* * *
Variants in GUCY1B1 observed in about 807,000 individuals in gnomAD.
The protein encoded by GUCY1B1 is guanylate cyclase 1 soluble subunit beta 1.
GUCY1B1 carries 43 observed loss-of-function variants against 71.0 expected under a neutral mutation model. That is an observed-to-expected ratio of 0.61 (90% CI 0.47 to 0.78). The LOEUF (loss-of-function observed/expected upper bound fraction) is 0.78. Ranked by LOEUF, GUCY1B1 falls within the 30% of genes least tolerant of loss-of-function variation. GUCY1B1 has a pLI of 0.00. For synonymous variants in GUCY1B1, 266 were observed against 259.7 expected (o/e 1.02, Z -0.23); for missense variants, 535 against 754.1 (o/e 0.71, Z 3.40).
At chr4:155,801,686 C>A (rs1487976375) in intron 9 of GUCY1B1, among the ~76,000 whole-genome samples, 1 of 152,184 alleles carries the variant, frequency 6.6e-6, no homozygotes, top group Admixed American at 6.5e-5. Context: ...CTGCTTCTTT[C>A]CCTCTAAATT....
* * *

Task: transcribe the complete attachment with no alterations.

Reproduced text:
Variants in GUCY1B1 observed in about 807,000 individuals in gnomAD.
The protein encoded by GUCY1B1 is guanylate cyclase 1 soluble subunit beta 1.
GUCY1B1 carries 43 observed loss-of-function variants against 71.0 expected under a neutral mutation model. That is an observed-to-expected ratio of 0.61 (90% CI 0.47 to 0.78). The LOEUF (loss-of-function observed/expected upper bound fraction) is 0.78. Ranked by LOEUF, GUCY1B1 falls within the 30% of genes least tolerant of loss-of-function variation. GUCY1B1 has a pLI of 0.00. For synonymous variants in GUCY1B1, 266 were observed against 259.7 expected (o/e 1.02, Z -0.23); for missense variants, 535 against 754.1 (o/e 0.71, Z 3.40).
At chr4:155,801,686 C>A (rs1487976375) in intron 9 of GUCY1B1, among the ~76,000 whole-genome samples, 1 of 152,184 alleles carries the variant, frequency 6.6e-6, no homozygotes, top group Admixed American at 6.5e-5. Context: ...CTGCTTCTTT[C>A]CCTCTAAATT....